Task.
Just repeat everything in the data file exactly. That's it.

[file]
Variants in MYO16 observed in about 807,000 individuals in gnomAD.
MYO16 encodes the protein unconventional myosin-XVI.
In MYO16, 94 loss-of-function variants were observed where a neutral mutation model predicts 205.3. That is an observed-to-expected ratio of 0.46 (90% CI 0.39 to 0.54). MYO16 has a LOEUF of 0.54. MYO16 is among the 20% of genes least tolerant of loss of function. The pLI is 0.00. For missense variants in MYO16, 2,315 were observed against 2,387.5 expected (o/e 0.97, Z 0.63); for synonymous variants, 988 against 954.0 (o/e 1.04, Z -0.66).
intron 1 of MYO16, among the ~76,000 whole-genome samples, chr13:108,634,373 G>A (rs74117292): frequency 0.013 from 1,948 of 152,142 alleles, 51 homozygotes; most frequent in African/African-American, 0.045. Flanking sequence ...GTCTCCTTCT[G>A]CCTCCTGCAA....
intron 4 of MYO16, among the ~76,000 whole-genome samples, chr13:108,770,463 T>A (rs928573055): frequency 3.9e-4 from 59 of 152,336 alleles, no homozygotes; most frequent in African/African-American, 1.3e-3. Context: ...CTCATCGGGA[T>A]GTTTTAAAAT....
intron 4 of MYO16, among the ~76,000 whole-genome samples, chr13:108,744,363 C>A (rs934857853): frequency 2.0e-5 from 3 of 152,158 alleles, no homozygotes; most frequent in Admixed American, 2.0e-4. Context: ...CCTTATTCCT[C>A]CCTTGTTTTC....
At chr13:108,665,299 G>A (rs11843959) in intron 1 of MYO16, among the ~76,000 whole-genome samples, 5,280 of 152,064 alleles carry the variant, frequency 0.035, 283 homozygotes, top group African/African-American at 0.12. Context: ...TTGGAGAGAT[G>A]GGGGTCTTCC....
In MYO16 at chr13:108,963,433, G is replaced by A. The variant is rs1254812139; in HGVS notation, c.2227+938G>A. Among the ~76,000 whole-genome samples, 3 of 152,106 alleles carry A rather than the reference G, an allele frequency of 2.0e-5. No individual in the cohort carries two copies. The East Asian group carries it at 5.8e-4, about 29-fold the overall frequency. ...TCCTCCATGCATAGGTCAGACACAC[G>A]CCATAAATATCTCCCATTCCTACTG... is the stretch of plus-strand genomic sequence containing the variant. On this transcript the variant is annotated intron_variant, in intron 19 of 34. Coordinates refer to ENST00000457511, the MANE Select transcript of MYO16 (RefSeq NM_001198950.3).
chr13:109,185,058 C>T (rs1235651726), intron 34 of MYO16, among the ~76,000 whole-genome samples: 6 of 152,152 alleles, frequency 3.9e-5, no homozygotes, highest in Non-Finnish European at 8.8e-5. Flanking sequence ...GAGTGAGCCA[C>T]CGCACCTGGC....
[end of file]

Variants in MYO16 observed in about 807,000 individuals in gnomAD.
MYO16 encodes the protein unconventional myosin-XVI.
In MYO16, 94 loss-of-function variants were observed where a neutral mutation model predicts 205.3. That is an observed-to-expected ratio of 0.46 (90% CI 0.39 to 0.54). MYO16 has a LOEUF of 0.54. MYO16 is among the 20% of genes least tolerant of loss of function. The pLI is 0.00. For missense variants in MYO16, 2,315 were observed against 2,387.5 expected (o/e 0.97, Z 0.63); for synonymous variants, 988 against 954.0 (o/e 1.04, Z -0.66).
intron 1 of MYO16, among the ~76,000 whole-genome samples, chr13:108,634,373 G>A (rs74117292): frequency 0.013 from 1,948 of 152,142 alleles, 51 homozygotes; most frequent in African/African-American, 0.045. Flanking sequence ...GTCTCCTTCT[G>A]CCTCCTGCAA....
intron 4 of MYO16, among the ~76,000 whole-genome samples, chr13:108,770,463 T>A (rs928573055): frequency 3.9e-4 from 59 of 152,336 alleles, no homozygotes; most frequent in African/African-American, 1.3e-3. Context: ...CTCATCGGGA[T>A]GTTTTAAAAT....
intron 4 of MYO16, among the ~76,000 whole-genome samples, chr13:108,744,363 C>A (rs934857853): frequency 2.0e-5 from 3 of 152,158 alleles, no homozygotes; most frequent in Admixed American, 2.0e-4. Context: ...CCTTATTCCT[C>A]CCTTGTTTTC....
At chr13:108,665,299 G>A (rs11843959) in intron 1 of MYO16, among the ~76,000 whole-genome samples, 5,280 of 152,064 alleles carry the variant, frequency 0.035, 283 homozygotes, top group African/African-American at 0.12. Context: ...TTGGAGAGAT[G>A]GGGGTCTTCC....
In MYO16 at chr13:108,963,433, G is replaced by A. The variant is rs1254812139; in HGVS notation, c.2227+938G>A. Among the ~76,000 whole-genome samples, 3 of 152,106 alleles carry A rather than the reference G, an allele frequency of 2.0e-5. No individual in the cohort carries two copies. The East Asian group carries it at 5.8e-4, about 29-fold the overall frequency. ...TCCTCCATGCATAGGTCAGACACAC[G>A]CCATAAATATCTCCCATTCCTACTG... is the stretch of plus-strand genomic sequence containing the variant. On this transcript the variant is annotated intron_variant, in intron 19 of 34. Coordinates refer to ENST00000457511, the MANE Select transcript of MYO16 (RefSeq NM_001198950.3).
chr13:109,185,058 C>T (rs1235651726), intron 34 of MYO16, among the ~76,000 whole-genome samples: 6 of 152,152 alleles, frequency 3.9e-5, no homozygotes, highest in Non-Finnish European at 8.8e-5. Flanking sequence ...GAGTGAGCCA[C>T]CGCACCTGGC....